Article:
At 6, he began to program computers. At 16, he designed his own Internet server system. At 18, he runs a company that is making about $72,000 a year.

To that wealth, Jeffrey A. Hansen added $5,000 after being named Utah's top young entrepreneur at the 1998 Utah Governor's Young Entrepreneur Awards Banquet Thursday.Two other young businessmen also took home a few thousand dollars each: Brian Johnson, 18, won 2nd place and $3,000; Ryan Bateman, 16, took home 3rd place and a $2,000 award.

To win first prize, Hansen developed WEBIT, a high-speed Inter-net server. More than a year later, the business, which cost $15,000 to $16,000 to start, is making about $6,000 a month, he said.

Hansen, a Murray High School senior, said he conceived the idea about 18 months ago and sketched a plan with his father. So far, he serves 140 local and 260 international customers.

"I can probably add 300 to 400 more accounts without spending a dime on more equipment," he said. To get more customers, he advertises in other Internet sites.

Hansen will attend Brigham Young University in the fall and study computer engineering and business.

"The future belongs to those who believe in the beauty of their dreams," said Johnson, also a Murray High senior, moments after accepting his award.

Third-place winner Bateman, who attends Fremont High School, was impressed when he saw a bird sold for $2,000 in 1993.

"I saw there was high value in the (bird-selling) business," he said.

He discussed his idea with his father, who provided the $1,600 to get started. Today, Bateman's business, World of Wings, which supplies replacement brood stock for fanciers who race and show pigeons for competition, makes about $13,000 a year. Bateman also rents birds for weddings, funerals and other ceremonial events.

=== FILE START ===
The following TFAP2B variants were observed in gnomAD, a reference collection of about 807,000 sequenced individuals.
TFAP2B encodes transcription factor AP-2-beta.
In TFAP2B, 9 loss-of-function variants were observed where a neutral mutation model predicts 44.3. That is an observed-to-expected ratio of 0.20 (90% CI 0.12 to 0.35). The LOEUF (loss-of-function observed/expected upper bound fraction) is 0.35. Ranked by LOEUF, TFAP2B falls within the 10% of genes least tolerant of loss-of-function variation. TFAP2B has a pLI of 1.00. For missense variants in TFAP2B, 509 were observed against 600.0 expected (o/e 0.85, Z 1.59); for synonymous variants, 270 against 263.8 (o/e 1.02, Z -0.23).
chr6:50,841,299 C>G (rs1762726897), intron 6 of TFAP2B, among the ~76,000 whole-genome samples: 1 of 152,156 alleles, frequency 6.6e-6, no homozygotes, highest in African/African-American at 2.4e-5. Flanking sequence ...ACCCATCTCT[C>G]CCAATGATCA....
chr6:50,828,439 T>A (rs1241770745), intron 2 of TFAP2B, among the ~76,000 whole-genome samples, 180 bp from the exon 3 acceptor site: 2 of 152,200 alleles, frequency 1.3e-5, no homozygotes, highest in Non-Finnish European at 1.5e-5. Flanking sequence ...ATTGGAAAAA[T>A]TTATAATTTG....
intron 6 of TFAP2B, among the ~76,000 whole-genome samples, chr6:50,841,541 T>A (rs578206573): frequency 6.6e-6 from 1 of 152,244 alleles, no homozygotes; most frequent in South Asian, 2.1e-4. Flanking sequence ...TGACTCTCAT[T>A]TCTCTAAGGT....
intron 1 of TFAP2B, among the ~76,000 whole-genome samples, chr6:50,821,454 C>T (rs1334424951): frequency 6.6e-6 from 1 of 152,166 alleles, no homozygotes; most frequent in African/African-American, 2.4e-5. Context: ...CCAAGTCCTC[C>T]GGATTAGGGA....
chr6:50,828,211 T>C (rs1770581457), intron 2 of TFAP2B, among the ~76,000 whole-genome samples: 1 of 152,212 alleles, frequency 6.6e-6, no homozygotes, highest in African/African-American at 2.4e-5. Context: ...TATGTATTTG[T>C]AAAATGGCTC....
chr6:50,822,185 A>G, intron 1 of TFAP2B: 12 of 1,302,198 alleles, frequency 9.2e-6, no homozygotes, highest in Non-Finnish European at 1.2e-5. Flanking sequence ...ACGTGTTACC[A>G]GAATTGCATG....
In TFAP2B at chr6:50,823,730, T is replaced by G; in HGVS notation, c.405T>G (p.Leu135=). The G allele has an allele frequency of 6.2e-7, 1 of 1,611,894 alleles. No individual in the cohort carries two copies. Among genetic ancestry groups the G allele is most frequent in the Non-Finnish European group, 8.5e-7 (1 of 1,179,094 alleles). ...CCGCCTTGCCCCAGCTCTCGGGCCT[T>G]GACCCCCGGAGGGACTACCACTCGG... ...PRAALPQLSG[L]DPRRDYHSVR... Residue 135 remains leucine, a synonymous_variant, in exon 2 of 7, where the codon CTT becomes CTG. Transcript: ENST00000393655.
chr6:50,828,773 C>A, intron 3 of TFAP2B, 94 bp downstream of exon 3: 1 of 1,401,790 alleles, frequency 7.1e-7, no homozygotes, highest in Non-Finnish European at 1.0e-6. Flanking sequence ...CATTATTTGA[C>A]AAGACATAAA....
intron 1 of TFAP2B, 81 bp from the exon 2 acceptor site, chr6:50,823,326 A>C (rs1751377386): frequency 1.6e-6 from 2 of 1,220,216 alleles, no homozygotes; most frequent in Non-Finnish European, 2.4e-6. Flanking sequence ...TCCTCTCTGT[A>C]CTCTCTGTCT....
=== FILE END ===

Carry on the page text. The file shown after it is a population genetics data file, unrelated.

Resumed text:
"We have about a 75 percent growth per year," he said. If the business continues at this rate, Bateman figures he will be making about $45,000 a year by the year 2000, working only one hour a day.

While attending Utah State University to study ornithology, Bateman plans to expand his business to include more exotic birds, such as hawks, falcons and eagles.

A year ago, Johnson and a young partner invested about $5,000 to develop AMRAD Mats and Matting Inc., a company that sells and rents commercial and residential floor mats.

"It's a great business niche here in the Salt Lake Valley that had not been filled," Johnson said.

About seven months ago, his partner, Ryan Wright, left to serve a mission for The Church of Jesus Christ of Latter-day Saints, but the business has flourished and posted a 25 percent net profit at the end of its first year.

AMRAD contracts with eight mills in Georgia, Ohio and the East Coast to provide "any kind of mat you can imagine," Johnson said. He plans to continue running and expanding the business while attending Salt Lake Community College.

Kurt Avarell, a junior at Granite High School, received honorable mention and a $500 prize for operating Intermountain Termite & Pest Control since January 1997.

The other six finalists were Michelle Leonhardt, Emery High School; Trevor Paskett, Roy High School; Matthew Rogers, Valley High School; Jed Weller, Weber High School; Allen Whitaker, Davis High School; and David R. Wright, Alta High School.